“I did my last company without salary for 4 years. Blood, sweat & ramen”
Travis Kalanick, CEO of Uber
The 2013 Leweb conference opened with some heavy hitters. With views as far from business school pitch decks, business plans and spreadsheets as possible. Which should make both business school professors and corporate strategist sit up and take notice too!
Guy Kawasaki, former Apple Evangelist, Alltop founder, venture capitalist and current Motorola advisor said that the only thing that matter is building a prototype and get traction. Anyone can make a nice presentation and a amazing forecast. Building product is the first hurdle and getting traction the second .THEN you can start worrying about business plans, pitch decks and spreadsheets.
Europe should inspire American startups
While many European entrepreneurs look to Silicon Valley for ideas to copy to their home markets, Guy thinks that is not enough:
“European entrepreneurs should make such a great products that American startups want to copy them”, he said.
On American startup that getting a huge amount of copycats is Uber. There is an entire category of startups “Like Uber for….” which Uber CEO Travis Kalanick says is a waste of time. Not because copyright reasons or blatant plagiarism, but because they have misunderstood Uber’s mission. It is not chauffeured cars.
“Uber is in the intersection of lifestyle and logistics. I get what I want when I want it. That means that Uber wants to be in every market relating to Logistics & Lifestyle, says Travis Kalanick.
He also slams government regulations that stifles markets in very weird ways. In New York there are about the same amount of cabs today as in the 1930ies. That means that every cab permits is worth around 1 million dollars In Paris, Uber must enforce an artificial 15 minute delay in order to not compete with regular cabs. In South Korea, Uber is not allowed to drive South Koreans. They can only drive foreigners, handicapped and the elderly (aren’t they South Koreans as well?). Other countries and cities aren’t too happy with the efficient service either.
“I can wallpaper my office with cease & desist letters. We even got one from New Orleans – where we don’t even operate!”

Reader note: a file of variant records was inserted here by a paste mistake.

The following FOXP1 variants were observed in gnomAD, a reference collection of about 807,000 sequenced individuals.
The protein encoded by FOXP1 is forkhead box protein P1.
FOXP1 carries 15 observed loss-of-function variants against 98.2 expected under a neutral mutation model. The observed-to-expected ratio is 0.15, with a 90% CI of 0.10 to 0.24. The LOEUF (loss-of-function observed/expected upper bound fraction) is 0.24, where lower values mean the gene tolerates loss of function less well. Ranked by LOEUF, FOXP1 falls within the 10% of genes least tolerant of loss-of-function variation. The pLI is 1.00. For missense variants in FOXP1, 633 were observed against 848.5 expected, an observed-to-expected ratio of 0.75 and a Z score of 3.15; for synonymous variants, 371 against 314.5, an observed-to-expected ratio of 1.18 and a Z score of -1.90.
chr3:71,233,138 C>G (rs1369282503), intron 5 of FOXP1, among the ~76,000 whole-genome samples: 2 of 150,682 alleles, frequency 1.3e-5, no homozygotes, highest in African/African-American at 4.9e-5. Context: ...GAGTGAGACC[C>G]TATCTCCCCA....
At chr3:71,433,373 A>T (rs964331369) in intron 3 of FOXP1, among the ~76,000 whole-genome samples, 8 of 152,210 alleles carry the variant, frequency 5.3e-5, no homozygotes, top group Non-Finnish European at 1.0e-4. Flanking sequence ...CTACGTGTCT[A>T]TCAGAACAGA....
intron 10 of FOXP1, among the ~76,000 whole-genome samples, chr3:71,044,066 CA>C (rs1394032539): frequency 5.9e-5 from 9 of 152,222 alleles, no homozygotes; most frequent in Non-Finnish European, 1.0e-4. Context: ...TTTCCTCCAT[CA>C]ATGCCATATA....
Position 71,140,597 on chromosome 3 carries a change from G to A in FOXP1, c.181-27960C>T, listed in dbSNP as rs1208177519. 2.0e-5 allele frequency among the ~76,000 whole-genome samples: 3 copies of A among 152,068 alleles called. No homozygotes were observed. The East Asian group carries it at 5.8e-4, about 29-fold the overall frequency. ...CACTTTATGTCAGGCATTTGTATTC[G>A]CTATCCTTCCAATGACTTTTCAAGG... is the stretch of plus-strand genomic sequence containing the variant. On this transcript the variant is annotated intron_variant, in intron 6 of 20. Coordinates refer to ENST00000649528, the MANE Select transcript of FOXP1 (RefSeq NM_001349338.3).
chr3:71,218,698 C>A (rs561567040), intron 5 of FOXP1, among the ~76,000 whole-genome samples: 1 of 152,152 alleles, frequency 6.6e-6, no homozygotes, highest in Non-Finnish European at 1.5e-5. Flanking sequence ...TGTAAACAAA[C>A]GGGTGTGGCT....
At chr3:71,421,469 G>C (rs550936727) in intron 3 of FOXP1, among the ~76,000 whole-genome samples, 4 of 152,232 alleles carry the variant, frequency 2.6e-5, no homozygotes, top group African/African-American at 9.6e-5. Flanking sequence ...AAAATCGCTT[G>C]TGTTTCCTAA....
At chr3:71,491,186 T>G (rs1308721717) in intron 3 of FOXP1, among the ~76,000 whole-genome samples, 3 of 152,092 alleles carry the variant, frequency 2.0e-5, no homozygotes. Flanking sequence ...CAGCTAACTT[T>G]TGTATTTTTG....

“It’s more important that you stay than pay”
Evernote CEO Phil Libin talked about monetisation. Evernote’s classical model is freemium, with some customers paying because they either need more space or they like to support the brand.
“If people haven’t paid us for two years, we do not see it as an expense as many other companies. We see that they use our product and give us their attention which is more important. It is also our fault that we don’t manage to get them to pay, so we have to figure out what would be so valuable to them that they will pay us in the future.”
It is also interesting to see how Evernote successfully is extending their loved brand into physical products, from scanners and iPad styluses to bags and CEO socks. It’s the business version of Angry Birds merchandising. It will be interesting to see if other successful online brand will and can do the same.
If you don’t invest in women, you’re stupid
“It is so hard to create a successful tech company that if you just limit yourself to invest in men, you’re stupid”, Guy Kawasaki answered a question from the audience about the difficulty for women to get funding. He went on to add that investments need to be completely blind to gender, skin color, sexual orientation, handicaps or nationality. But, as he said earlier in this post, the entrepreneur first need to create traction.
For both the investor and the entrepreneur, Guy underlines it must be about passion. He answered a follow up question about the pressure of moving from Europe to the US, or from a smaller European country to London or Berlin.
“If your investors demand you move to where they are, find other investors”
And on a final note; Phil Libin’s new investments is in mammoths. Living woolly mammoths from the stone age. Figure that!